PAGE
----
- Remember how I said that we feel like we ‘have to’ do things when we are doing them in order to avoid a consequence rather than when we are doing them in order to create or bring about something that we want? This means we can flip the way we are looking at something we don’t want to do so as to see how doing that thing creates what we really want. Why is doing this thing important? How is doing this thing a part of the vision of what you want? How is it good for you? What will it accomplish? Who is it helping? What good are you creating for yourself and/or others by doing it? Going back to the analogy of doing the dishes, you might not immediately think that cleaning dirty dishes matters, but those dishes are what you serve food to people on, and that food nourishes not only you, but also other people so that you and they can go out and do something good in the world in a healthy way. So connect whatever you are doing to the good that doing that thing does. Find a personal, meaningful why behind doing what you choose to do. Find a good enough because.
- Professional athletes know what most people don’t know and that is that you can add any meaning to discomfort that you want to. Going for what you want is going to entail a certain amount of discomfort. The meaning we add to discomfort is everything. Most people assign the meaning ‘we need to stop’ or ‘not do what we are doing’ to discomfort. This greatly limits your life. It means when you are faced with the inevitable downside of things you want, you might just give up and not do them. Every other suggestion I have given you in this article has been about either not doing something or getting yourself to feel good about what you are doing. The hack I am suggesting as a final potential tool is to add different meaning to the discomfort of doing what you don’t want to do. You could consider this the ultimate re-frame. For example, the burn in my muscles means I am getting stronger. The discomfort I feel doing this thing that is not fun to me means I am developing self-discipline, which makes me feel less out of control relative to myself. Question the meaning you are adding to the discomfort inherent in something you don’t want to do. For more information about this, watch my video titled: Meaning, The Self Destruct Button. From there, change the meaning you are adding to the discomfort. This tip simply must come with a warning; this could be used as a tool of suppression.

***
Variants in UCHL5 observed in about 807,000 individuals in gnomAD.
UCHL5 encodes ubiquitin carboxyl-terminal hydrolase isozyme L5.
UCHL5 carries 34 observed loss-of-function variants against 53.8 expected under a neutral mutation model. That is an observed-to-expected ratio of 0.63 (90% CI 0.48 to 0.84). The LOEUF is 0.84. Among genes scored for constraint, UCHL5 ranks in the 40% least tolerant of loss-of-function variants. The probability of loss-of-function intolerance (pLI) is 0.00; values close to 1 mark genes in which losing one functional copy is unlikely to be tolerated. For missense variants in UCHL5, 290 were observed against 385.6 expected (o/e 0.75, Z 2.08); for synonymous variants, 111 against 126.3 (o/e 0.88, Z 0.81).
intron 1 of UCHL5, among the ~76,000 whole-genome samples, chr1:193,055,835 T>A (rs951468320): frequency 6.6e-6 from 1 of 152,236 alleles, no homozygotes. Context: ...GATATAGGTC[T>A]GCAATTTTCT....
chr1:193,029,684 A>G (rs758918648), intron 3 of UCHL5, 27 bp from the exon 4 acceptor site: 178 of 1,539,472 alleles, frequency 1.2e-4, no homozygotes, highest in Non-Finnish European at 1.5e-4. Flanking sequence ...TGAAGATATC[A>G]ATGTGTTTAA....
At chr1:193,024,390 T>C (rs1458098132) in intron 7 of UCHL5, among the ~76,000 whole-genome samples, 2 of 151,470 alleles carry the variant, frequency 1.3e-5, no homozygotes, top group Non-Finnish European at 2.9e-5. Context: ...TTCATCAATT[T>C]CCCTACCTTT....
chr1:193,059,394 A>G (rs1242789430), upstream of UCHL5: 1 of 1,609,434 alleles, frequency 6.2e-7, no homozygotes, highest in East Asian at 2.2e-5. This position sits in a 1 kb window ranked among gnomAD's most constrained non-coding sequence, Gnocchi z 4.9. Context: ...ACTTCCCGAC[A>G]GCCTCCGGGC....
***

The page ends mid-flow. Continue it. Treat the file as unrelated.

Life is about expansion. Expansion occurs as a result of following your desire. It is not virtuous to force yourself to do what you don’t want to do. But following what is wanted will always give rise to what is unwanted as well. This opens the door for things to be a ‘have to’. When you encounter these unwanted experiences, you have the choice to take them off of your plate (not do what you don’t want to do) or change them or your perception of them so that you want them on your plate (turn them into something you want to do). The unwanted can diminish motivation and inspiration. However, motivation and inspiration is not completely out of your control. You can live a motivated and fulfilling life if your life philosophy changes from “”I have to” to “I want to”.